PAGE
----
Just like in 2013, I did another comics purge. Sorta.
By sorta, I mean that while I pulled a bunch of musty older series out of my twenty some odd longboxes, I knew the chances I would keep all of them was fairly high.
Very fairly high.
My first almost-not-quite-purge comic was a 1990’s throwback from Marvel, the Star Trek X Men crossover one shot. Now apparently some fans were upset with this even existing (I know, fans upset by something? Shocking!) but really this feels like a natural to me. Basically 1990’s X Men by way of a rift or something end up on Kirk’s original five year mission Enterprise. And they team up to fight a duel menace from both franchises. This one is fun and cool and Geeky and everything between these two different concepts fit really well together. Def a keeper. Now I just gotta find the Star Trek The Next Generation X Men one shot.
Next up is another Marvel Star Trek one shot from the 1990’s, this one being a great story fans have been waiting forever for. Well, ever since the Star Trek The Next Generation season one ender. Star Trek Operation Assimilation is the tale of how the Borg discovered the Romulans, an event they always alluded to as the reason these old enemies of the Federation withdrew from sight for decades and decades. This is the story of one unlucky and disgruntled Romulan commander who has the misfortune of making first contact and futlily fighting these immensely powerful villains. Yes it ends like you imagine it would, and sets the stage for one heckuva battle royalle. Def a keeper.
The third Marvel Star Trek from the 1990’s that I consumed was Star Trek Voyager Splashdown four issue miniseries. Now Marvel got this license and went wild with series, but very early on it was obvious most of it was drek. Multiple titles launched and a year or so later all gone. The Voyager series fit into the drek mold, and Splashdown was going to be part of that comic, but was made into a miniseries towards the end. Which is unfortunate because by this point the creative teams finally got a grip on the material.
Splashdown recaps where this fits into the continuity, which is shortly after Seven joins, and has Voyager of course low on energy. An attack by multiple drones damages the ship and the end result is them crashing and sinking on a planet of mostly water. Now imagine the flooding from the hull breaches. This very tense tale is great for keeping it moving and dire and showing the characters thinking through the problems. The only drawback is the tangent involving the how and why of the drones, which I believe none of the readers care about. Def a keeper.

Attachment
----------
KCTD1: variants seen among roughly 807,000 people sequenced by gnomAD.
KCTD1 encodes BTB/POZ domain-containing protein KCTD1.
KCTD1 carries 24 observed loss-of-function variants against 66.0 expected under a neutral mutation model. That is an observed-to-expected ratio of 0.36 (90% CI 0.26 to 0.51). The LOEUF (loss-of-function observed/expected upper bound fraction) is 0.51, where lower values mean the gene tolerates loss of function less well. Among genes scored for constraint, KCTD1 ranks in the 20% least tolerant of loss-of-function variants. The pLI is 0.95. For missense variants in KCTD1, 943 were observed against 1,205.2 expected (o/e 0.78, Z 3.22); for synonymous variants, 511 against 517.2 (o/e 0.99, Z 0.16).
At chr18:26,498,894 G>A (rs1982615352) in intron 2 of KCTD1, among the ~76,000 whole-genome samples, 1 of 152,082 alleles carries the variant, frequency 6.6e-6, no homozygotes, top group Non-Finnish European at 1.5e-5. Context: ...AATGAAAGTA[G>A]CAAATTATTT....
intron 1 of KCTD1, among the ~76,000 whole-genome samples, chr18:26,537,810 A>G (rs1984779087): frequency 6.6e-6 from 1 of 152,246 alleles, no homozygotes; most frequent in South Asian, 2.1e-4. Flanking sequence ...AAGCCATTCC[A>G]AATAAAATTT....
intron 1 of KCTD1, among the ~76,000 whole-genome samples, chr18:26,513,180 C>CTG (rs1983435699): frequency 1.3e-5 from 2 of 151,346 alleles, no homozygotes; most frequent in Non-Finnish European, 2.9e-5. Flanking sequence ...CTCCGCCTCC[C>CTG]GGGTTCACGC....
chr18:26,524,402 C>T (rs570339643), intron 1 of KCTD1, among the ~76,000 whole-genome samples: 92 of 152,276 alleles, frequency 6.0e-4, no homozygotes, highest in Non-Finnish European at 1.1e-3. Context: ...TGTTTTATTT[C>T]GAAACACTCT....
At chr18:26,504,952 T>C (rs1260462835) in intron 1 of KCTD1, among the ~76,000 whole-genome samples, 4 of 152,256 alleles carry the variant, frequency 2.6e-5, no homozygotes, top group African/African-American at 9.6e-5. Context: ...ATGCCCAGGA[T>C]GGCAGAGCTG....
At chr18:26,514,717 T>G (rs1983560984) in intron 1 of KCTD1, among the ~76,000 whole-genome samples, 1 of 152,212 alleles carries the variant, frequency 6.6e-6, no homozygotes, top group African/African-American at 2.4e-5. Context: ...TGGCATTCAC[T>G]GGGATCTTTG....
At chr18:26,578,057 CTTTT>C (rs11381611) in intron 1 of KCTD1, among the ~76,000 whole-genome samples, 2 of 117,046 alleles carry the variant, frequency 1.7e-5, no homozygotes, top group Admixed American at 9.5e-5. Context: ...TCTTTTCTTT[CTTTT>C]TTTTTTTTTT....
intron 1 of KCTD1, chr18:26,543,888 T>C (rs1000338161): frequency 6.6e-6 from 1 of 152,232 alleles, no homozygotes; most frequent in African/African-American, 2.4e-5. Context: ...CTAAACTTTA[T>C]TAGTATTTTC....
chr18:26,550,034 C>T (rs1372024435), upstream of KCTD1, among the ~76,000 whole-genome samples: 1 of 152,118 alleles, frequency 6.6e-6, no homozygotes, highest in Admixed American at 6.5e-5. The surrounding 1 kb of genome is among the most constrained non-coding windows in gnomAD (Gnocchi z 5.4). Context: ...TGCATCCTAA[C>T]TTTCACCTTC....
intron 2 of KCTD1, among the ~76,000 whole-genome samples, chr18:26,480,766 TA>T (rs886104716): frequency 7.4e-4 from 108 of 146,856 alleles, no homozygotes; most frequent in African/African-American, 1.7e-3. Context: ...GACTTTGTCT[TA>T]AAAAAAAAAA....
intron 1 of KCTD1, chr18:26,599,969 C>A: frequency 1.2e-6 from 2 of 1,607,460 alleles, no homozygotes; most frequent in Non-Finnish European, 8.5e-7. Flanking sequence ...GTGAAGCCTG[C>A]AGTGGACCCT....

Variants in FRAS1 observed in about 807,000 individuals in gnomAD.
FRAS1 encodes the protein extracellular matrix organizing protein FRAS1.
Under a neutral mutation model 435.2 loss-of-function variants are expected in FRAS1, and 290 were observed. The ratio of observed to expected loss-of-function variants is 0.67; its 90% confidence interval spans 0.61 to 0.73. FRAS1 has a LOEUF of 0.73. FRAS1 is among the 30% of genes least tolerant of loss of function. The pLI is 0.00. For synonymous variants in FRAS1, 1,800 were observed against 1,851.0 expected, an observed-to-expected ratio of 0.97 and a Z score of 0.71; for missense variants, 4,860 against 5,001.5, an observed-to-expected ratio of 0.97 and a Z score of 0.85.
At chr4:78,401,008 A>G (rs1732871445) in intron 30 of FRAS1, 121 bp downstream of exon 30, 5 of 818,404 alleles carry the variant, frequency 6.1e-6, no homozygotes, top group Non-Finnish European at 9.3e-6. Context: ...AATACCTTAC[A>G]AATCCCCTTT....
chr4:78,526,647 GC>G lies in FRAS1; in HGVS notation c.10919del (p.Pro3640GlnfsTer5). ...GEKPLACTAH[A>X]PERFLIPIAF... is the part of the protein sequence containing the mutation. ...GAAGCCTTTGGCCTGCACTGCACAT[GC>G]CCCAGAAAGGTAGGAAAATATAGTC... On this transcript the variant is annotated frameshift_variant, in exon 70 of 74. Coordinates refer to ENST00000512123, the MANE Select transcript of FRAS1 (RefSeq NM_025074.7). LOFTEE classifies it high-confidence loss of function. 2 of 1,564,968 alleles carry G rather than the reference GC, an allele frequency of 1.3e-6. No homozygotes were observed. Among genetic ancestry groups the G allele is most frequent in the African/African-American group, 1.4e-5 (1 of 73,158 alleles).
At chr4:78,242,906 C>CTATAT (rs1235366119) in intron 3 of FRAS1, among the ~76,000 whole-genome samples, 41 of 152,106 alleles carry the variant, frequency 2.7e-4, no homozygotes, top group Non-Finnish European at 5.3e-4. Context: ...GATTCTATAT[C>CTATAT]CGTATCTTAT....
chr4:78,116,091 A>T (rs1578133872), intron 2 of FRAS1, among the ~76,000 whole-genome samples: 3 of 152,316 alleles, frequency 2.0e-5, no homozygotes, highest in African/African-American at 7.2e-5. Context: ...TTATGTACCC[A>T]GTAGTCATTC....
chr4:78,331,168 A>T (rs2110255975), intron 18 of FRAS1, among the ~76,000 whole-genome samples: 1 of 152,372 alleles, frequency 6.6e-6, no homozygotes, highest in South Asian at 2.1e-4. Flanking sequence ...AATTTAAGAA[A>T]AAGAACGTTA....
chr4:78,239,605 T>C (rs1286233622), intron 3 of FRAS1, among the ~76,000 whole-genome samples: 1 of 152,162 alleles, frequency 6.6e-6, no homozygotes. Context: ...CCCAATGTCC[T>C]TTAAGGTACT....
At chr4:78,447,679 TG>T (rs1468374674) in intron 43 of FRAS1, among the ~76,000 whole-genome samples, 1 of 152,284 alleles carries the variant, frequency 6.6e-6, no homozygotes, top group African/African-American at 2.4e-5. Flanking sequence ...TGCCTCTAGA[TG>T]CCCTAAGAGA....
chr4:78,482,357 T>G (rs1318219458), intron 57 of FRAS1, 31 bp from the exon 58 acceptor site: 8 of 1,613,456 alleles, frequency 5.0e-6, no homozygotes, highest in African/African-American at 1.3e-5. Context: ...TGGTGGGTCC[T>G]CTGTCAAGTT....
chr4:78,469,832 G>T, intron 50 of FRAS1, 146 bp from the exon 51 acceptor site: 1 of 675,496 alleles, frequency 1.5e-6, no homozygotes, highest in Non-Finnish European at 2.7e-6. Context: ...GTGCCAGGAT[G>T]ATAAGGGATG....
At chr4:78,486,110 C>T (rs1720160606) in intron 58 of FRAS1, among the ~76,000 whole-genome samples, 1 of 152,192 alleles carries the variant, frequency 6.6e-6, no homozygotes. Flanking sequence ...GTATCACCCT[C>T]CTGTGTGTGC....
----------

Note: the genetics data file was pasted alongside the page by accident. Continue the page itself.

Now for something completely different.
Jumping back to the 1980’s and DC Comics and yet another attempt to get females into comics, something both companies threw themselves at massively and only started figuring it out with Sandman. DC gave us Angel Love by writer/artist Barbara Slate, which ran for eight issues and a special. Angel Love is the title character, a twenty something woman cartoonist trying to make a live for herself in New York City, have a dating life, and hanging with her friends. Along the way Angel deals with all sorts of real world problems, such as a boyfriend on drugs, a friend getting pregnant, and her mom getting sick. All this is told in a very very cartoony style that gives all this seriousness a goofy edge. This approach can be jarring, especially when the roaches give colour commentary, and yes you read that right, which might have affected the lack of success of this series. Fan mail was definitely divided on this point as the letters pages show. I can tell Slate had a long term plan for Angel, as the unresolved storylines will attest, so maybe this would have become more cohesive and sensical by issue twelve. Def purge.
Now for something not so completely different.
Around the same time of the mid 1980’s at DC Comics, artist Stephen DeStephano and writer Bob Rozakis gave us ‘Mazing Man. This cartoony humour book with slight adult undertones is all about a short dogooder in New York who is called ‘Mazing Man and how he spends his days just helping people out. Like old ladies crossing the street or picking up litter or giving out food. All while constantly wearing a costume with a really cool helmet, and hanging with really cool friends. Each issue features more than one tale, sometimes with little plot and very sitcomy. But this is done on purpose, since ‘Mazing Man is majorly about the characters. Slapstick humour, often exaggerated, is treaded throughout, along with movie references and whatnot. The high point for virtually every fan of ‘Mazing Man, and where the series to me found its stride, was Brenda’s Story in issue six, which is also when the Eisner influence starts to be most noticeable. Unfortunately good old ‘Maze only made it to twelve issues, the last having a Frank Miller cover, and continued into an issue of Secret Origins and three specials. The last appearance of ‘Mazing Man was in an animated short for the Batman Brave and the Bold cartoon series a few years back. Def a kepper.
So not a very successful purge at all, but at least I got some Geek stuff read, which is a minor miracle for moi.
…is currently reading Kingdom Come the novel by Elliot S. Maggin, based on the comics by Mark Waid and Alex Ross, published by DC Comics.